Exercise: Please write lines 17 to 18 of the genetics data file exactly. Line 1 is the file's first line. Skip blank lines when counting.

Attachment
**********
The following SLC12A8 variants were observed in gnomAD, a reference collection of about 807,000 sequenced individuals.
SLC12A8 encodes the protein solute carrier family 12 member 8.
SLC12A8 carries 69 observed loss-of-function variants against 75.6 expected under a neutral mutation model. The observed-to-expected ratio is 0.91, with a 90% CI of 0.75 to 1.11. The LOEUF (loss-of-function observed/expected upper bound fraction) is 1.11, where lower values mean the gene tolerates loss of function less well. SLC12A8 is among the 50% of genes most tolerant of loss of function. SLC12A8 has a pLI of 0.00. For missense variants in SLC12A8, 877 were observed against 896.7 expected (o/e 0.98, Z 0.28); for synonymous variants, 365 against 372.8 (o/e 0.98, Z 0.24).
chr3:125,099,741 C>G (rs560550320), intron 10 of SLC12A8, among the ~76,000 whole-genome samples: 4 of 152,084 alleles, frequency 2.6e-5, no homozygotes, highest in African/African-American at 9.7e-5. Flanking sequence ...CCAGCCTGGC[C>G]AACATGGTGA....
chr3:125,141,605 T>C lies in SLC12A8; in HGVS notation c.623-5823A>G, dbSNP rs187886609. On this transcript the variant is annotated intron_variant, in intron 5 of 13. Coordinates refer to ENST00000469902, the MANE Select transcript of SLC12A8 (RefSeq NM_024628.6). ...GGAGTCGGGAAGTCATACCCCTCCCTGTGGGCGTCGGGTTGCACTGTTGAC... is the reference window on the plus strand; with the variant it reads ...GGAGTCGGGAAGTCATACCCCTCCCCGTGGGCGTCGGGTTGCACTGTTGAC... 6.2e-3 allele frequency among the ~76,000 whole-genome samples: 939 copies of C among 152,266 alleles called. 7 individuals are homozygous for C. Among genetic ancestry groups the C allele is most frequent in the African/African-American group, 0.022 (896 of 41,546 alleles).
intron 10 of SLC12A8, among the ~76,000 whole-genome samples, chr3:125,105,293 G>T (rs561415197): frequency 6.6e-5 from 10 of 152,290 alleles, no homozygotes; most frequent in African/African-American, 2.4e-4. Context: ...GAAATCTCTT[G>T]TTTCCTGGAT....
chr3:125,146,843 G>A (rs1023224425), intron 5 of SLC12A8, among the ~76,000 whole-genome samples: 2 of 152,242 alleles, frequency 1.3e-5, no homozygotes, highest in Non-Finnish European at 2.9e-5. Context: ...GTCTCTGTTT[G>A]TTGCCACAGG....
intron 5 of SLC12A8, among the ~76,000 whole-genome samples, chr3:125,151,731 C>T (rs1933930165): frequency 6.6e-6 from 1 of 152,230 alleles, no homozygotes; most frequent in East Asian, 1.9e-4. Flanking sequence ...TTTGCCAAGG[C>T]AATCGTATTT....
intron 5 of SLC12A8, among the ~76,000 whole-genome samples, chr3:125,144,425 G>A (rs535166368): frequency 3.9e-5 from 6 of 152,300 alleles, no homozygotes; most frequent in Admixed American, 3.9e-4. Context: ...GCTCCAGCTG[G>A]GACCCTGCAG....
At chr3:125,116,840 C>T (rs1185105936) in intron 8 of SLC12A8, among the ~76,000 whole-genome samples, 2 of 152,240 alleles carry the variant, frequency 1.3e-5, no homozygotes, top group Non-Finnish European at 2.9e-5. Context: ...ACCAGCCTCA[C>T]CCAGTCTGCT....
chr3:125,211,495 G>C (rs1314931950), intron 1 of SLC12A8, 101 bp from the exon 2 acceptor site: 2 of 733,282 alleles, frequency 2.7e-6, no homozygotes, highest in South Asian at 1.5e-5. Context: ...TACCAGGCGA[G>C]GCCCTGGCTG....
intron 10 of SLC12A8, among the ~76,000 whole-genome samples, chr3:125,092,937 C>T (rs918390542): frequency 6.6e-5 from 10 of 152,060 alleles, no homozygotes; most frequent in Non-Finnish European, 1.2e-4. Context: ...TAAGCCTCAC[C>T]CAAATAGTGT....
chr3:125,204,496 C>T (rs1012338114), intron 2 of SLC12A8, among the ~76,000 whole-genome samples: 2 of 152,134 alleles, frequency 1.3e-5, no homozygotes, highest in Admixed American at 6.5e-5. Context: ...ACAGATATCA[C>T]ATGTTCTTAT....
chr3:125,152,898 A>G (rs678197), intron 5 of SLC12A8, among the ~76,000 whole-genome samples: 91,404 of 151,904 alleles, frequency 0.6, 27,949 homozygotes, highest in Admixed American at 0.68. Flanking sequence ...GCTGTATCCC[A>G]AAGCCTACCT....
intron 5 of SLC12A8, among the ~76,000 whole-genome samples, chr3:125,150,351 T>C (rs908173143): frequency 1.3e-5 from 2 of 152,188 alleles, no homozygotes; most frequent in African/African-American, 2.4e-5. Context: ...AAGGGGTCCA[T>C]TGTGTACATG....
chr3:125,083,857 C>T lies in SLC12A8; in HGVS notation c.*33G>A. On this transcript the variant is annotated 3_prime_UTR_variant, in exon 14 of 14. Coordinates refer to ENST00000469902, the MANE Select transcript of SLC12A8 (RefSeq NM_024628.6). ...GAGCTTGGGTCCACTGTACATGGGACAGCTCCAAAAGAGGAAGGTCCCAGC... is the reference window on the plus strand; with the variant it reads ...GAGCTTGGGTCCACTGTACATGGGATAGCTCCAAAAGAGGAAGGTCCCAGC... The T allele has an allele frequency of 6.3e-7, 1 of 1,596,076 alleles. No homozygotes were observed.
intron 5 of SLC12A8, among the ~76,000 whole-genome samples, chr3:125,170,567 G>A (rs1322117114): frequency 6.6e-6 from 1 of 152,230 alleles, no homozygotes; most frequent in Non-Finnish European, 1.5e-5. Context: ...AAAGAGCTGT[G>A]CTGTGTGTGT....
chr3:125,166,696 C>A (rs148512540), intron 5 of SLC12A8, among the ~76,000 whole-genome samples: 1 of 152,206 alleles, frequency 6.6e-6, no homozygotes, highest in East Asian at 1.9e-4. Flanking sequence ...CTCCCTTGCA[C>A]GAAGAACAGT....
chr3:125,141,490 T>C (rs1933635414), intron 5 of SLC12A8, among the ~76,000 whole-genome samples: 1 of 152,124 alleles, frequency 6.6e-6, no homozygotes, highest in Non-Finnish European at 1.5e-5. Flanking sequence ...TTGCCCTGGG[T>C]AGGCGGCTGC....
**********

intron 5 of SLC12A8, among the ~76,000 whole-genome samples, chr3:125,170,567 G>A (rs1322117114): frequency 6.6e-6 from 1 of 152,230 alleles, no homozygotes; most frequent in Non-Finnish European, 1.5e-5. Context: ...AAAGAGCTGT[G>A]CTGTGTGTGT....
chr3:125,166,696 C>A (rs148512540), intron 5 of SLC12A8, among the ~76,000 whole-genome samples: 1 of 152,206 alleles, frequency 6.6e-6, no homozygotes, highest in East Asian at 1.9e-4. Flanking sequence ...CTCCCTTGCA[C>A]GAAGAACAGT....